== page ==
Singer and music historian Harvey Granat shares, in story and song, his fascinating personal relationship with Sammy Cahn, a four-time Academy Award-winning lyricist, this Saturday, December 9, 2017 at Local 802, Musicians’ Hall 322 West 48th Street, NYC. Doors open at 1 PM for a 1:30 PM program start. All are welcome to come and enjoy; the music charge is only $15 per person for the entertainment, which will also include an opening set by teen singer Joie Bianco, who won the Julie Wilson Award, presented to her onstage this October during an appearance at the annual Mabel Mercer Foundation’s Cabaret Convention at Jazz at Lincoln Center.
She was a finalist in Michael Feinstein’s annual cabaret competition and immersive workshops (two consecutive summers) for high school students. Prior to this, she was voted Audience Favorite in the MetroStar Talent Challenge annual singing contest alongside adult competitors and was co-winning in its companion competition for young people, MetroMinor, at the Metropolitan Room, where she also guested in several multi-performer shows and benefits and made her solo debut nine months ago on her 16th birthday. She studies with Marilyn Maye. A surprise guest will also be on Saturday’s bill, promises/teases the American Popular Song Society’s head, Linda Amiel Burns.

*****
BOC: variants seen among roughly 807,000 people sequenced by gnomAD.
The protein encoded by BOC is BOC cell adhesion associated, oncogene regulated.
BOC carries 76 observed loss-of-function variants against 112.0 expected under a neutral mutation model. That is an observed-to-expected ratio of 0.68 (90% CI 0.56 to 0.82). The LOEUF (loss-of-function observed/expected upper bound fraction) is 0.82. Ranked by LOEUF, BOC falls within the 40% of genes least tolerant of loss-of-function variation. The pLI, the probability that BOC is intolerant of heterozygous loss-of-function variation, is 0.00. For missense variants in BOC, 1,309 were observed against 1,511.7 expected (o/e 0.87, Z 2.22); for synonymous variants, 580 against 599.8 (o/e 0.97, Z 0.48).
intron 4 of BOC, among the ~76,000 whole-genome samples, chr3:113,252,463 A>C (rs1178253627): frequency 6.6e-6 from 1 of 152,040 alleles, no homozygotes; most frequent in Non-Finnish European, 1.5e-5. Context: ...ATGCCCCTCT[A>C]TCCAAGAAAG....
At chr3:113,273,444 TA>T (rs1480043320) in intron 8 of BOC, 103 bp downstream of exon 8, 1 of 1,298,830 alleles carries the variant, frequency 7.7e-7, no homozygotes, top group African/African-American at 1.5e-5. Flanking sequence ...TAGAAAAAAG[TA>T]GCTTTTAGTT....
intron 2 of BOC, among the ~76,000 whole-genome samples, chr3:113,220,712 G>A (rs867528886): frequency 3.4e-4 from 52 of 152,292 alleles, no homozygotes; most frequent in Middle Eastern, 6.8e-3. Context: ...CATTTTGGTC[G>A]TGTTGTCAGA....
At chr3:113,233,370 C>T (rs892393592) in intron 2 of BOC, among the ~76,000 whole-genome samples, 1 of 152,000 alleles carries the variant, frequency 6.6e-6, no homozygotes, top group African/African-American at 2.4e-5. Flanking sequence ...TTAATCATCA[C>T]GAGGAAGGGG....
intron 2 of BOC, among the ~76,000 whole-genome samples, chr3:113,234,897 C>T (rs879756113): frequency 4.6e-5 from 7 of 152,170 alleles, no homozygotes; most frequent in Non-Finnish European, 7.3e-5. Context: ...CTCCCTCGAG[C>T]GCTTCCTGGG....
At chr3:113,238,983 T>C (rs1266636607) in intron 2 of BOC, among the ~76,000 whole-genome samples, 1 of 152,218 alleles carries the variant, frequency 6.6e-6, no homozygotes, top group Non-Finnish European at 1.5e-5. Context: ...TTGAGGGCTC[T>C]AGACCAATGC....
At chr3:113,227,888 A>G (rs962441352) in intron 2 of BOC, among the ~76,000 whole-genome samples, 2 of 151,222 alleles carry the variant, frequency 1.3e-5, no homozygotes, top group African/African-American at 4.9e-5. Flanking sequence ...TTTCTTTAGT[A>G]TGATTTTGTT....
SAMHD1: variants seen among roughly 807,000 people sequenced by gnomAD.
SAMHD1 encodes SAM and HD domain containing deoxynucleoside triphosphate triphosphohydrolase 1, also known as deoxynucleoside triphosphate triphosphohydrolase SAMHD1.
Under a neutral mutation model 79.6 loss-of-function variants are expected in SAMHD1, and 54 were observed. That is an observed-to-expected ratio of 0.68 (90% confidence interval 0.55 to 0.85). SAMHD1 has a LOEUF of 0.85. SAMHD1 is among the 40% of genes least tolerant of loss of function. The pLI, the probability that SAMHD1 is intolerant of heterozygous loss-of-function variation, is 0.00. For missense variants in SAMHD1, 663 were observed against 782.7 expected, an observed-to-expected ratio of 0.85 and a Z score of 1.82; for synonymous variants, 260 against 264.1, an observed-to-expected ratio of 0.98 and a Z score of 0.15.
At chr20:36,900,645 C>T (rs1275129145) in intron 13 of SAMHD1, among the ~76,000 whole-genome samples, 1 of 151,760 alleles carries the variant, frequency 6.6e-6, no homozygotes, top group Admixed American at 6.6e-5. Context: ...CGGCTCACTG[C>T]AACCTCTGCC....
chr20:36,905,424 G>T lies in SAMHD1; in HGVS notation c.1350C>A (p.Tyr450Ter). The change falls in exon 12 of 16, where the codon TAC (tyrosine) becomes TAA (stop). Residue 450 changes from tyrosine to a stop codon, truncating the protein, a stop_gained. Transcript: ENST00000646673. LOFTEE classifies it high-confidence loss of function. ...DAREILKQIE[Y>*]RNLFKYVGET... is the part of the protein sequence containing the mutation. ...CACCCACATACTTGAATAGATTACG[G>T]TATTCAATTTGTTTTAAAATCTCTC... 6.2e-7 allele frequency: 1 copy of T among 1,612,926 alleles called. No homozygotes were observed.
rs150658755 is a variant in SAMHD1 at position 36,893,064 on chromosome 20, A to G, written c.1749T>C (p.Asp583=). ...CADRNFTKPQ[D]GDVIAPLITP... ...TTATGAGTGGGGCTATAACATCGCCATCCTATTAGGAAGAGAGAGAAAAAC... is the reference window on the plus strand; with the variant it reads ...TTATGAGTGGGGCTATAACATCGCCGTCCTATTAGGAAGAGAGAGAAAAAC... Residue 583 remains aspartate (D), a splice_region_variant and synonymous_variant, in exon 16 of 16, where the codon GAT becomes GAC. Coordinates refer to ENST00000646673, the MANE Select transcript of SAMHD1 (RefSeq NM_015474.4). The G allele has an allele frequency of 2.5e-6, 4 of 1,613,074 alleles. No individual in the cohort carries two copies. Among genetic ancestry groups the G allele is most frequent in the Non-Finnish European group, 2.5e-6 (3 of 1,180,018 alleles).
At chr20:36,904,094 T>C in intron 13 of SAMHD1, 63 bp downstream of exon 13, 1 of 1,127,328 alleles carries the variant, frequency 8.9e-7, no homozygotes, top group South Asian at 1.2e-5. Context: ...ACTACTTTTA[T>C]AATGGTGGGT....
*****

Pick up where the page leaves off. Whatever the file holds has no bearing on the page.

Sammy Cahn was a lyricist whose most important collaborators were the composers Jule Styne, Jimmy Van Heusen and Saul Chaplin. Cahn wrote the words for dozens of songs that became hits, including “All the Way,” “Time After Time,” and “Three Coins in the Fountain.” He was a particular favorite of Frank Sinatra, for whom he wrote more lyrics than any other songwriter of his time. The New York Times said of him, “Sammy Cahn (is) one of the last American songwriters to embody the scrappy can-do spirit of Tin Pan Alley.”
The American Popular Song Society meets on the second Saturday of each month from October through June. Single Membership is only $55 per year for nine great programs and a monthly Newsletter. You can click here to become a member. The APSS was established in 1980 as a not-for-profit social organization dedicated to the preservation and promotion of the American Song Book. The APSS provides a forum for discussion, education and performance, as well as the encouragement of current songwriters to create new songs which extend the tradition. There are also opportunities for those who collect classic sheet music and recordings.